How To Save Money On Food

Today, The Simple Dollar is featuring a guest post by Jerry Kolber. Jerry is an award-winning writer, producer, and executive producer of film and television including Inked and Queer Eye for the Straight Guy. He is a long-time reader of The Simple Dollar and recently launched a site offering insights into eating great food on a budget at

One of the most interesting things happening as a result of our economic downturn is that grocery stores are thriving, farmer’s markets are doing great, and seed sales to individuals are up 25% this year. It seems like the whole country is following Trent’s advice at The Simple Dollar to cook at home more. Over the past couple of years, Trent’s writing has also influenced me to spend more time in my kitchen, and I am now more likely to have friends over for dinner than go out to eat.

After spending nearly a decade producing shows like Inked, Confessions of a Matchmaker, and Queer Eye for the Straight Guy, this year I’m actively making a point to do more of the work I love, writing and producing around the issues of social justice. Trent’s own journey to doing the work he loves – and his writing about the usefulness of being frugal and smart about money along the way – has been an inspiration to me and I look to him for both philosophical and practical advice.

One place I draw the line on cutting costs is on the quality of the ingredients we buy to make our meals. Eating is the only time that you voluntarily select pieces of the “outside world” to take into your body, and the energy of the food does quite literally affect the energy of your thoughts and body. Every time you buy or grow food, you are making a choice about what kind of food system you want to support with your money.

When going to the grocery store, it’s easy to be seduced by the best deal for your wallet. Though I am as much of a food bargain hunter as anyone, I’ve come to learn through years of research into nutrition, the food supply, and self-observation that sometimes the cheapest food actually has hidden costs. Meat, dairy, fruits and vegetable produced on “factory farms” can not only contain chemical residues of antibiotics, fertilizer, and pesticides, the production of these products is also one of the main causes soil and water pollution in America.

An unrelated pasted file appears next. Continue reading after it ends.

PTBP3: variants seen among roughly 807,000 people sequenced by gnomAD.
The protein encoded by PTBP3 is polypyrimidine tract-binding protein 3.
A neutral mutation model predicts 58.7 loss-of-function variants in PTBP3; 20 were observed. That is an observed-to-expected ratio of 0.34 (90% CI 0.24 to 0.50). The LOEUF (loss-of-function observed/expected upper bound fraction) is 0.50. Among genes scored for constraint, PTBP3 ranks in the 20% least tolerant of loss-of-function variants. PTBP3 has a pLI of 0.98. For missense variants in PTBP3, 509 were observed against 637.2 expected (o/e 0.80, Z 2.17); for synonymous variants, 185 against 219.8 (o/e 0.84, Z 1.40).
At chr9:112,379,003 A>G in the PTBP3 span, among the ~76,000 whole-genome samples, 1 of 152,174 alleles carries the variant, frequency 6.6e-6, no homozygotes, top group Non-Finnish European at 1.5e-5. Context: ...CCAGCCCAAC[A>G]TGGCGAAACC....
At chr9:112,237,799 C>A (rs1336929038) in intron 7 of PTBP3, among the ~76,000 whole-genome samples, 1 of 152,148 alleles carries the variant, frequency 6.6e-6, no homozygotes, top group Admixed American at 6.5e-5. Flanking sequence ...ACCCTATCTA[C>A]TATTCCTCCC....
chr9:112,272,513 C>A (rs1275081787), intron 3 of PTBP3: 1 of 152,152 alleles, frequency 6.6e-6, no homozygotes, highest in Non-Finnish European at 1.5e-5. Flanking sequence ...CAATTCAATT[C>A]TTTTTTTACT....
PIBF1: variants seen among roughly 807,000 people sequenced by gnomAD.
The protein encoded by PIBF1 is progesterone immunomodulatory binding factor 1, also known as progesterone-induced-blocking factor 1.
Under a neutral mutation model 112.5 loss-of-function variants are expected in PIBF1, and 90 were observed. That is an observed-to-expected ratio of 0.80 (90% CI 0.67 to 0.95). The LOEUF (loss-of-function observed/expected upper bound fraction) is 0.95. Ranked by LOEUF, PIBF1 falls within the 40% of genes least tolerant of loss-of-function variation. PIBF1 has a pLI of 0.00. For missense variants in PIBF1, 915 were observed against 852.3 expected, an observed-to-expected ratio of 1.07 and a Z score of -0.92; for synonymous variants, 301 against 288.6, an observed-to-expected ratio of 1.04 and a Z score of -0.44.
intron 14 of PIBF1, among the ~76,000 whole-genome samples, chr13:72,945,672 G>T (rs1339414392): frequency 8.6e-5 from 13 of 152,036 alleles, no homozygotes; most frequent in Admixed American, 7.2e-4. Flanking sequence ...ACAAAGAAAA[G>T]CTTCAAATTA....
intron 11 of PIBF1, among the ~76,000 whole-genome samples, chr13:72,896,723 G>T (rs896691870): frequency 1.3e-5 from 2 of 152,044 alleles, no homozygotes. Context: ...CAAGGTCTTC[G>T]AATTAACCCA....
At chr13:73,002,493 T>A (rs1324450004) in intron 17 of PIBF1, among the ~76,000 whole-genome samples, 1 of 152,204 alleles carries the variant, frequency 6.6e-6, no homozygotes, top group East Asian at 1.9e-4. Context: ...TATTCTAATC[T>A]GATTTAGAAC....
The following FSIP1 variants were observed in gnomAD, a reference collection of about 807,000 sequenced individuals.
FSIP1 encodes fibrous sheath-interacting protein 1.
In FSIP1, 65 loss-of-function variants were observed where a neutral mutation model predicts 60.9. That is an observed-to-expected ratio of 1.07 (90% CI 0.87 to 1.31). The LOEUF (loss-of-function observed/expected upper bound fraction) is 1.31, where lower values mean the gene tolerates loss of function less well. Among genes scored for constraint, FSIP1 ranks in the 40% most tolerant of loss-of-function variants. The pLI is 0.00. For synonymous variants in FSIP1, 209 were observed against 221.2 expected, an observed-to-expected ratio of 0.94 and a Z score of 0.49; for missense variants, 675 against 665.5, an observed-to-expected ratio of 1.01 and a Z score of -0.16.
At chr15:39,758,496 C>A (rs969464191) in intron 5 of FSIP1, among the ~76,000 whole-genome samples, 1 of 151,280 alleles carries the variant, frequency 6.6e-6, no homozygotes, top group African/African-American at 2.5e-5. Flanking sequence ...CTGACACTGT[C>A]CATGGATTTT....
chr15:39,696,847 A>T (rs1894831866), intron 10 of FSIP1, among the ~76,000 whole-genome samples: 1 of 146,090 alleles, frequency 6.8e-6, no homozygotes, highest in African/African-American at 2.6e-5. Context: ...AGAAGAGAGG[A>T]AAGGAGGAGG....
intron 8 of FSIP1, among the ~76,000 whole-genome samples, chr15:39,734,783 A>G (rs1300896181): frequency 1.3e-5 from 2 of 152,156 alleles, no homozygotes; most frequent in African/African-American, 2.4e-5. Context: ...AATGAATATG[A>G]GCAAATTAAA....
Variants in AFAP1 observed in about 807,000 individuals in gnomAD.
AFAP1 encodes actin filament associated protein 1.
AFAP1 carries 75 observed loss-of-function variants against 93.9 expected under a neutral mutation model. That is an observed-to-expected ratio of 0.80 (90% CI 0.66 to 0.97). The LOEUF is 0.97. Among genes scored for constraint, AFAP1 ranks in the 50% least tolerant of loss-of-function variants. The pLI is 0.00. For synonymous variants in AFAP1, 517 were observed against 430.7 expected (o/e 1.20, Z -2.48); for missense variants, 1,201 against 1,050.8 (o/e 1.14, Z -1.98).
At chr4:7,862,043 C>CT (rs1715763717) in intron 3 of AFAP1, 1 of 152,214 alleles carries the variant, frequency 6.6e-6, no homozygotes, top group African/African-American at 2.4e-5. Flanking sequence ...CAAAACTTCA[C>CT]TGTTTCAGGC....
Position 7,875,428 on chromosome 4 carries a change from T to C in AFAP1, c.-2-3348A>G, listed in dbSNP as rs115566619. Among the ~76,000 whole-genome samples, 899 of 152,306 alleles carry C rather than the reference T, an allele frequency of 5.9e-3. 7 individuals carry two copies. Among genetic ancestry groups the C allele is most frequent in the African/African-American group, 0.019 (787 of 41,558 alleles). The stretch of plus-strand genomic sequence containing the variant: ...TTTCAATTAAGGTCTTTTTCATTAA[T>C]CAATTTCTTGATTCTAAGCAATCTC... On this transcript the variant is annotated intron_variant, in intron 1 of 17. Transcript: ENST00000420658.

The mainstream conversation around “healthy fresh food” is mostly spearheaded by apparently affluent people who seem to have time to pick fresh arugula from their garden each evening. Yet I’ve found that even in Manhattan, the most expensive place in the world to shop for groceries, I can create delicious meals built around fresh, chemical-free ingredients very cheaply. Everything from stuffed burritos, to jaw-dropping macaroni and cheese, pasta with feta cheese, awesome chili, noodles with vegetables and peanut sauce – I’ve come up with simple and quick recipes that let me cook luscious, filling meals for less than a quarter of the cost of a fast food meal.

Earlier this year many people started encouraging me to share this information, so that other people on a budget could see that there was a way to join the food revolution without breaking the bank. With stores like Whole Foods and Trader Joes offering cheap generic organic options on everything from beans to pasta to vegetables, and the rise of farmer’s markets, community supported agriculture (CSA’s) and food coops, it’s never been easier to make an affordable shift to a more traditional diet. And with sales of seeds for home gardens increasing 25% this year, it’s clear that many people are going to rediscover the joy of getting a 10 to 1 return on investment from their own patch of fresh fruits and vegetables. With all of this in mind I wrote a cookbook and guide about how to affordably join the food revolution that is quietly happening in America.

The cookbook – Three Dollar Dinner – explains how I came to care about what I eat. Unlike many voices in the “food movement” I don’t tell you what to do; and I don’t offer recipes that include anything you would consider “gourmet”. I just offer my own perspective in a gentle, fun way. I’m just a regular guy who likes to eat and have figured out how to do it in a way that is delicious, good for my wallet, and good for the planet. I don’t discourage any kind of food. I even include detailed shopping lists for two weeks of recipes.

Regardless of whether you get started with my cookbook, Trent’s recipes here at The Simple Dollar, or wherever you may choose, don’t be intimidated by trying organic and natural foods – you CAN afford to be a part of the real food revolution, and there’s no better time to join in then right now.

Here’s a few recipes from the book to get you started. Note that although I encourage you to experiment with organic ingredients (and have priced them that way) you can make them with whatever you want or have available. I include costs per serving for each recipe; you can simply halve the recipe for two, double for a party of eight, etc. The costs are based on Manhattan prices, so hopefully you can do better.